Get ready for some street closures this weekend in the Austin area.
The Austin Marathon returns on Sunday and that means streets from North Austin into the city will be shut down as thousands of runners tackle 26.2 miles.
This year five thousand marathon runners and just over eleven thousand half marathoners will be passing through the finish line at 10th and Congress Avenue.
Because the weather is expected to be warmer than usual for the race, the Volunteer Seton Medical Director for the Austin Marathon wants runners to be cautious about what’s called overhydration.
That’s when runners drink to much water or sports drink that it ends up diluting the sodium in their blood stream causing severe reactions.
Doctors see one or two cases every year during the marathon, mainly from those who are not in the elite category.
They say the best advice is to pay attention to your thirst level which means you may not need to stop at every water stop.
“Although I recommend the sports drink it’s not necessarily going to protect the runner if they drink too much of that from getting this condition,” said Dr. Pierre Filardi, Volunteer Medical Director, Austin Marathon.
Doctors recommend drinking anywhere between 12 and 24 ounces of water during a marathon.
Marathon spectators might be happy to know the elite running category is returning this year with thousands of dollars in prize money.
This year the first place runner will receive $4,000 dollars, second receives $3,000, third place will get $2,000, and fourth $1,000.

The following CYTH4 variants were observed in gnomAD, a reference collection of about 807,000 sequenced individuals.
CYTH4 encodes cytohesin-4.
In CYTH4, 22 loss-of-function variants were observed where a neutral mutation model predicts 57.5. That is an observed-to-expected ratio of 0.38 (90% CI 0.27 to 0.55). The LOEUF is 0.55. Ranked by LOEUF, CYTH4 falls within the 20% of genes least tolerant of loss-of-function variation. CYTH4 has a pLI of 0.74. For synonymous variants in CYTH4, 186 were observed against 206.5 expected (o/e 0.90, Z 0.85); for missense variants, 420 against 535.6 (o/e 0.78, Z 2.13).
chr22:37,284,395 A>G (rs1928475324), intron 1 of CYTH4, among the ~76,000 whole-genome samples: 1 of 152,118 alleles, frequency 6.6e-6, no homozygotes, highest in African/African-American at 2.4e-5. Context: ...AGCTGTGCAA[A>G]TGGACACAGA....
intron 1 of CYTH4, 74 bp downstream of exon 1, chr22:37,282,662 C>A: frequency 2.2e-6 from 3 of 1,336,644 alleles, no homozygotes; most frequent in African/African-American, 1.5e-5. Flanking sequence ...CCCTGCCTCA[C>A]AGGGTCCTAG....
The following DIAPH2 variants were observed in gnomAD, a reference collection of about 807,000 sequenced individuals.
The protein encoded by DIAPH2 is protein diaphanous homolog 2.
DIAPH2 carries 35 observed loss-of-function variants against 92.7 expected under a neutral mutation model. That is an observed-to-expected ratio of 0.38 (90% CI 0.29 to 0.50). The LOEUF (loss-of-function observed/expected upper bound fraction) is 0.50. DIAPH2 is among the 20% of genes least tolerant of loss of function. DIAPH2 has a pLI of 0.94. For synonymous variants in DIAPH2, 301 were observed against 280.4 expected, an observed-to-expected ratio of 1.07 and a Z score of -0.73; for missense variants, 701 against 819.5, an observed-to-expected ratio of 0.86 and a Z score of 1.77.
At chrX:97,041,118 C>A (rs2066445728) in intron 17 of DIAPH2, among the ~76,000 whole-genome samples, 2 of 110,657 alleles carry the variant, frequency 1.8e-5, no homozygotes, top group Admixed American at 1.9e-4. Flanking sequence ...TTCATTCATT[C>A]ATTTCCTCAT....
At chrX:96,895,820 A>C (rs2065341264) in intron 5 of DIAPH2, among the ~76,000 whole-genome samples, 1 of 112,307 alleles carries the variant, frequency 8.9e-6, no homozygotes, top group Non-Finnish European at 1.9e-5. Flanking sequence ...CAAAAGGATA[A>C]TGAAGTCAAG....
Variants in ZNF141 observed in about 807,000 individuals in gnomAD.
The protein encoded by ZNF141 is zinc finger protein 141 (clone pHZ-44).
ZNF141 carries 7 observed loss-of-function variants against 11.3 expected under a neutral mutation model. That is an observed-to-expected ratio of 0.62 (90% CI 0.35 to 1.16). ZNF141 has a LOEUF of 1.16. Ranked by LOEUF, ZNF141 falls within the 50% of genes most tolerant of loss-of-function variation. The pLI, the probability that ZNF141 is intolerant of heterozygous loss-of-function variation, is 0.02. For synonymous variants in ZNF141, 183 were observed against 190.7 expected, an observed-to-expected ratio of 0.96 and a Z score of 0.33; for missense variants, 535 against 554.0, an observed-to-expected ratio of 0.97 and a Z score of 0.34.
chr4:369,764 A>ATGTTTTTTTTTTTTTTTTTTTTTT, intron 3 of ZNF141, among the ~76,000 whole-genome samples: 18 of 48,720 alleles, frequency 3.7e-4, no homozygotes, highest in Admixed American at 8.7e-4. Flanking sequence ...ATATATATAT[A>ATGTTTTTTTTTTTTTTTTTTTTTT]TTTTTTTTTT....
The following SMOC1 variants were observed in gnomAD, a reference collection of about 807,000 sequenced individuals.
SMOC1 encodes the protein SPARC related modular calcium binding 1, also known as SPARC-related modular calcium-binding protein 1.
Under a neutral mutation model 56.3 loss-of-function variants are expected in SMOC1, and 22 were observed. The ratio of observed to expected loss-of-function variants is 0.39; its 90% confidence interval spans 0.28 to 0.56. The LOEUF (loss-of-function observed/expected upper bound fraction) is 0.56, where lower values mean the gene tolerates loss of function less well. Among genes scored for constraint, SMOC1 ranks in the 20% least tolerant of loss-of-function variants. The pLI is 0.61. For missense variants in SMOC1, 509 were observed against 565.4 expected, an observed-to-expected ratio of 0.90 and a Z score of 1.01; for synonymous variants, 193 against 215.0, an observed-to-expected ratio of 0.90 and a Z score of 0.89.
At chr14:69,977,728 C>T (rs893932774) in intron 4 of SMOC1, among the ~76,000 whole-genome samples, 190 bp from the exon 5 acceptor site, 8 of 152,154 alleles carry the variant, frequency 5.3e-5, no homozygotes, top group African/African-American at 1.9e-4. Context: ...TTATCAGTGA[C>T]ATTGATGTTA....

But if the top male runner can beat the course record of two hours fourteen minutes they will receive an additional five thousand dollars.
For a woman they need to finish the course around the two hour and third minute mark to receive the additional prize money.
If no one is able to beat the course records this year that money will get rolled over into next year’s prize pot.
Because Freescale is the major sponsor they are bringing in runners from 16 different countries where they have operations.
Two of those runners are from Japan. Both hope to finish the race in two hours fifteen minutes but are a little worried because they have heard the Austin course is tough.
“We usually have a flat course so this is very special for us,” said Masaki Hori, Japanese Runner.
They will be competing against many other elite runners from around the world.
“In our elite field we have our usual compliment of Kenyan runners who make things exciting, we have an athlete from Mexico, and we have a very strong presence with an elite athlete from America if they can get here from places that are frozen right now,” said John Conley, Austin Marathon Race Director.
The elite field also includes some Austin runners. Eric Stanley a former University of Texas All American in Track and Field is running his second marathon and is a contender to be in the top five.
Also, Austin runner Jen Harney will likely place under the three hour mark.
Those hoping to sign up can do so beginning Friday at 2p.m. at the Marathon Expo taking place at the Palmer Events Center.
Right now the marathon is technically sold out – although a few spots could be available at the expo. Registration is still available for the half marathon.